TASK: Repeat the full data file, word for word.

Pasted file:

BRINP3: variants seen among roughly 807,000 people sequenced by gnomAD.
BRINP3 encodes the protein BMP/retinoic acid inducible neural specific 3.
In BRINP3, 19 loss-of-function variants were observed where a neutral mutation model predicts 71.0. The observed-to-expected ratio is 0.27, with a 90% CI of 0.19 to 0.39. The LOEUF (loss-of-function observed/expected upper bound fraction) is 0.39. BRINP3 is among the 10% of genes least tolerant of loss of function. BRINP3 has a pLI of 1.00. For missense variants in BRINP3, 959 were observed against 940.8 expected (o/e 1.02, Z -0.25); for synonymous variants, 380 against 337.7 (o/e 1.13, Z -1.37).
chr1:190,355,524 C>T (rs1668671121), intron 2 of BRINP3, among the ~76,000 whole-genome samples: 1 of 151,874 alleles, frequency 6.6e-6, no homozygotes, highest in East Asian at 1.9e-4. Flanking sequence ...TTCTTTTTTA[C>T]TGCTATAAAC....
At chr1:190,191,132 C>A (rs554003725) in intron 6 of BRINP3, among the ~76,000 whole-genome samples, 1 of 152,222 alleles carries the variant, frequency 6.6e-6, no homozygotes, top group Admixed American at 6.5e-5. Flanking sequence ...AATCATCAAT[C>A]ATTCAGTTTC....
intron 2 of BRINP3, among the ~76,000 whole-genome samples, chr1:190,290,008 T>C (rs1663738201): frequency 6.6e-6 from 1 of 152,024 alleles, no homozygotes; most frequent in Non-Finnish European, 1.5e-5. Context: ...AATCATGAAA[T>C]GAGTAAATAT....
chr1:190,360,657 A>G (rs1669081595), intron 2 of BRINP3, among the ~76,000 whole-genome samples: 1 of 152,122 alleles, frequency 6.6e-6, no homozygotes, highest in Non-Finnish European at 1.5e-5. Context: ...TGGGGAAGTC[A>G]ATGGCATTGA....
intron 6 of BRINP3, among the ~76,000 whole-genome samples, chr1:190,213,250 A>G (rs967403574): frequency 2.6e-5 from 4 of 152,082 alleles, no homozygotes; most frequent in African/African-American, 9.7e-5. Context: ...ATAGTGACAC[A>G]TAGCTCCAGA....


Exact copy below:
BRINP3: variants seen among roughly 807,000 people sequenced by gnomAD.
BRINP3 encodes the protein BMP/retinoic acid inducible neural specific 3.
In BRINP3, 19 loss-of-function variants were observed where a neutral mutation model predicts 71.0. The observed-to-expected ratio is 0.27, with a 90% CI of 0.19 to 0.39. The LOEUF (loss-of-function observed/expected upper bound fraction) is 0.39. BRINP3 is among the 10% of genes least tolerant of loss of function. BRINP3 has a pLI of 1.00. For missense variants in BRINP3, 959 were observed against 940.8 expected (o/e 1.02, Z -0.25); for synonymous variants, 380 against 337.7 (o/e 1.13, Z -1.37).
chr1:190,355,524 C>T (rs1668671121), intron 2 of BRINP3, among the ~76,000 whole-genome samples: 1 of 151,874 alleles, frequency 6.6e-6, no homozygotes, highest in East Asian at 1.9e-4. Flanking sequence ...TTCTTTTTTA[C>T]TGCTATAAAC....
At chr1:190,191,132 C>A (rs554003725) in intron 6 of BRINP3, among the ~76,000 whole-genome samples, 1 of 152,222 alleles carries the variant, frequency 6.6e-6, no homozygotes, top group Admixed American at 6.5e-5. Flanking sequence ...AATCATCAAT[C>A]ATTCAGTTTC....
intron 2 of BRINP3, among the ~76,000 whole-genome samples, chr1:190,290,008 T>C (rs1663738201): frequency 6.6e-6 from 1 of 152,024 alleles, no homozygotes; most frequent in Non-Finnish European, 1.5e-5. Context: ...AATCATGAAA[T>C]GAGTAAATAT....
chr1:190,360,657 A>G (rs1669081595), intron 2 of BRINP3, among the ~76,000 whole-genome samples: 1 of 152,122 alleles, frequency 6.6e-6, no homozygotes, highest in Non-Finnish European at 1.5e-5. Context: ...TGGGGAAGTC[A>G]ATGGCATTGA....
intron 6 of BRINP3, among the ~76,000 whole-genome samples, chr1:190,213,250 A>G (rs967403574): frequency 2.6e-5 from 4 of 152,082 alleles, no homozygotes; most frequent in African/African-American, 9.7e-5. Context: ...ATAGTGACAC[A>G]TAGCTCCAGA....